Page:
GoCardless launches U.S. debit payments solution and opens San Francisco office
GoCardless, the London fintech that aims to become the one-stop shop globally for businesses that want to let customers pay via recurring bank payments, has launched a U.S. debit solution.
The company has also opened an office across the pond in San Francisco’s financial district, headed up by Andrew Gilboy, general manager, North America, who was previously the company’s chief revenue officer.
Specifically, GoCardless’ new U.S. product supports debit payments on the ACH (Automated Clearing House) network. This means that businesses can use the GoCardless platform to offer U.S. consumers the option to pay by recurring bank payments, as an alternative to a credit card, for example. Likewise, companies can use GoCardless for debit payments for B2B transactions, such as relating to SaaS subscriptions, invoices or installments.
It is the B2B use case where GoCardless thinks there is the biggest opportunity for recurring payments, since, unlike in the U.K., for example, the biggest competitor would be writing cheques. That’s costly and slow by 2019 standards and doesn’t provide anything like the visibility that direct debits and ACH affords.
“By using the ACH debit network on the GoCardless platform, merchants can pull payments directly from their customers’ bank accounts, at a lower cost than credit cards and without the overhead and burden of cash and cheques,” says the U.K.-headquartered company.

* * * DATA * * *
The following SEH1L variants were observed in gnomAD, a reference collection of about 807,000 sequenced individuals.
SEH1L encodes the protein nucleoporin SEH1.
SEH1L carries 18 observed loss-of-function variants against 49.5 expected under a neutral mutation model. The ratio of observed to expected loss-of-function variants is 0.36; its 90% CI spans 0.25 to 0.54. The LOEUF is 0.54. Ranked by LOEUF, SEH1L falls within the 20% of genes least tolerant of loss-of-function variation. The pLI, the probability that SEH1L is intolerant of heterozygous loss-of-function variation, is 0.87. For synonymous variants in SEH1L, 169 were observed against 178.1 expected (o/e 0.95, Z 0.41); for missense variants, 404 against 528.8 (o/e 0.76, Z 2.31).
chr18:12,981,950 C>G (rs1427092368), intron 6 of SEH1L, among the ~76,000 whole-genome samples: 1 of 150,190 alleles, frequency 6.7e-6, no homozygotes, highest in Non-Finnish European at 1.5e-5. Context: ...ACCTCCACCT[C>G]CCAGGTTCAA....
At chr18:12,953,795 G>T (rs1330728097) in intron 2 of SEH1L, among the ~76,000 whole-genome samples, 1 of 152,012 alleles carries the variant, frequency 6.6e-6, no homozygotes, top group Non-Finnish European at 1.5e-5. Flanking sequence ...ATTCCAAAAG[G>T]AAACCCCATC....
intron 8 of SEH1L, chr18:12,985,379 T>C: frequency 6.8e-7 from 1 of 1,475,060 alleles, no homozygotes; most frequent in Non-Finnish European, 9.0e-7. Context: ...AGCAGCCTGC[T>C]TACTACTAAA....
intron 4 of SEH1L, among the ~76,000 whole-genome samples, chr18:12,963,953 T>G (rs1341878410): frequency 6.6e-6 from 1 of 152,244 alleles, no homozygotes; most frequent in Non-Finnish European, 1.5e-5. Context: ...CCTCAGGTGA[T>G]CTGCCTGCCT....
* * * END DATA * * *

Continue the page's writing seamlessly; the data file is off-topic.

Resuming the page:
GoCardless adds that businesses using the GoCardless ACH debit solution gain increased visibility over payment flow via a “fully automated” collection system. This includes things like due dates, and whether or not a payment was successful or failed and why.
The addition of ACH debit means that GoCardless’ global debit network now covers more than 30 countries accessible through a single API and platform.
Meanwhile, the 2011-founded company is no stranger to the West coast of America. In its formative years, the U.K. startup went through Silicon Valley accelerator Y Combinator, where it initially struggled to find product-market fit before successfully pivoting to recurring payments.
If you happen to bump into GoCardless CEO Hiroki Takeuchi, ask him about the time he and his co-founders stayed up all night working the phones in a bid to win the startup’s first U.K. customers, lest they have nothing to show at YC Demo Day.
Now backed by the likes of Google Ventures, Salesforce and Accel, amongst others, the company has come a long way since then.